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vicarious, I think your strategy is brilliant! This is parenting at its best: set an expectation, and announce a clear and appropriate consequence for not meeting the expectation. Withdrawing funding is, in my mind, perfectly appropriate in this case.


The trap that parents --i.e., me -- fall into most often is failing to follow up. They let the kid wheedle and plead. They feel sorry for the kid. They think maybe they made a mistake, or were too harsh. They WANT things to go otherwise. So they give in, or say, "Okay, the NEXT time ...!"


Let us know how things turn out. Oh -- it's also a good thing to make the expectation crystal clear, as in "If I hear you complain about going to ballet more than once in a week (or three times in a month, or whatever your personal standard is), I'll know that you really want to spend your time -- and my money -- some other way." That way, you and she both know when the limit is being approached, or has been crossed. By the way, this needn't be said in a punitive way; it's just a statement of fact.


Good luck! Keep us posted.

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A young dancer may not have the physical form and health for serious ballet yet. It takes years, it's ok if 11 and 12 year olds think ballet is fun.


My philosophy is that as ballet parents, we foster our child's interest in ballet. We do that with encouragement and support, not punitive means. The art itself has expectations and discipline aspects. Self-discipline will come with age and experience and increasing interest in ballet. At age 11 or 12, I don't expect perfection nor would I encourage it. They're children, not robots, ballet students, not professionals. Perfection of the art comes with time...and patience.

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Vicarious, I too believe, in a way, in a form of benevolent dictatorship although I wouldn't describe it that way. I call it "kind and firm" at the same time, always. I may KINDLY issue a directive but the firmness lies in my commitment to following it through.


Parents often are either kind or firm but not both at the same time. Too much kindness is permissiveness; too much firmness is dictatorship (but not benevolently!).


In your circumstance, if you tell her that you'll withhold funds if she doesn't do whatever her part of the bargain may be, then you MUST withhold those funds! No nagging, no forgiving "just this one time", no ignoring a violation because you don't want to have to follow through. (Vicarious, I'm saying "you" but really meaning anyone in your sort of situation.) That's the only way to be taken seriously by our kids. The follow-through is the toughest but most important part. So I never make a statement I'm not willing to follow through all the way.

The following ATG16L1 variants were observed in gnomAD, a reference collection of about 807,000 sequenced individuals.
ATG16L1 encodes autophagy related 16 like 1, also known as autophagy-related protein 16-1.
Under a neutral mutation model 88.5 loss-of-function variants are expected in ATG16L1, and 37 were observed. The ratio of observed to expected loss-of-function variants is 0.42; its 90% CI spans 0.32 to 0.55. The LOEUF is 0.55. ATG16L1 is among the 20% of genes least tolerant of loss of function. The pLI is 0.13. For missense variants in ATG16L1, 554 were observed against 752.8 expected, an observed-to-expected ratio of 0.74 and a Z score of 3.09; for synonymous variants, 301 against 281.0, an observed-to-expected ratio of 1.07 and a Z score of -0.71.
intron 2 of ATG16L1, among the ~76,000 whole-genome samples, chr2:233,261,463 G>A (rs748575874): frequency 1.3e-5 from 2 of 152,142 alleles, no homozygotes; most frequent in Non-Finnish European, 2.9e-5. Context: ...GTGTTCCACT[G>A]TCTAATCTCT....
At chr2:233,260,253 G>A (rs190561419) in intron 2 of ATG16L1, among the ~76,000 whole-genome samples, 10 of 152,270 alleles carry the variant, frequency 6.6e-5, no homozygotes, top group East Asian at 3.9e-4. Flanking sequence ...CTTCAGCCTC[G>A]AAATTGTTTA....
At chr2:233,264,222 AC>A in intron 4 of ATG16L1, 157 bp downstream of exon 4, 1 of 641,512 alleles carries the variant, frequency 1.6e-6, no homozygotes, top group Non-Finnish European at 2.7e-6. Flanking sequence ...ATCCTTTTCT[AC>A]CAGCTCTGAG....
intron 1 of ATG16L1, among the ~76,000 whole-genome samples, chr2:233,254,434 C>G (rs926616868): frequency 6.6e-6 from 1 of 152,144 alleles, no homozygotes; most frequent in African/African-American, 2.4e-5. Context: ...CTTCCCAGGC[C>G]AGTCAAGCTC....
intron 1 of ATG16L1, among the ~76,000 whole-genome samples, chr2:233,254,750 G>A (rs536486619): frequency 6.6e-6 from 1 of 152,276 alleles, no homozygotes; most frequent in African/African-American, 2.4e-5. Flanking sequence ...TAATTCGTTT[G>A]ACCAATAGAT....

My concern, though - and it's a big one, I'll confess - is that you have posted more than once in the past where you mentioned that your daughter did not want to go to ballet class. From everything you have described, your daughter does indeed sound like a talented girl. But she's shown some resistance often enough that it gives me pause about whether she's trying to tell you, without words, that she needs more time doing ordinary kid stuff.


Having a child with an exceptional talent is certainly a weighty responsibility for the parent. A huge part of the responsibility is getting the balance right: just the right mix of non-ballet fun and serious ballet study. If that balance is off, a dedicated child often turns into a rebellious teen because that's the only way s/he has of showing that s/he needs more space. So I want to add this note of caution. Once kids turn 12, your daughter's age, that kind of resistance begins to grow and flower if certain needs in terms of independence and fun haven't been met in proper doses. So make sure she gets this! You may already be doing so, but from your posts I just thought I should add this caution. It's so hard to really tell without knowing someone in person.


In answer to your question to us parents about how we ensure such discipline, the truth is my daughter never needed any help with it when it came to ballet. She loved it so much that she always wanted to go to class. She was involved in lots of other activities, some of which were simply play dates with friends, so I think that fulfilled her other needs as a child and adolescent.

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I, too, have read with great interest the "Jobs and US Trained Dancers" thread.


Many experienced voices in that thread suggest that ballet training which has adult expectations of children yields the best results.


In my mind, this raises the question -- does the end justify the means?


My own view is that much of what it takes to succeed as a dancer is something that is outside of an individual's control -- physical gifts such as flexibility, extension, turnout, feet, even a small head.


So, it is possible to bend to the extreme discipline of ballet, starting as a small child, and not succeed because of these physical factors.


On the other hand, with physical gifts, much can be excused. We have one parent on this board whose daughter (now a corps member in a major US company at the age of 18) danced "recreationally" until she was 13.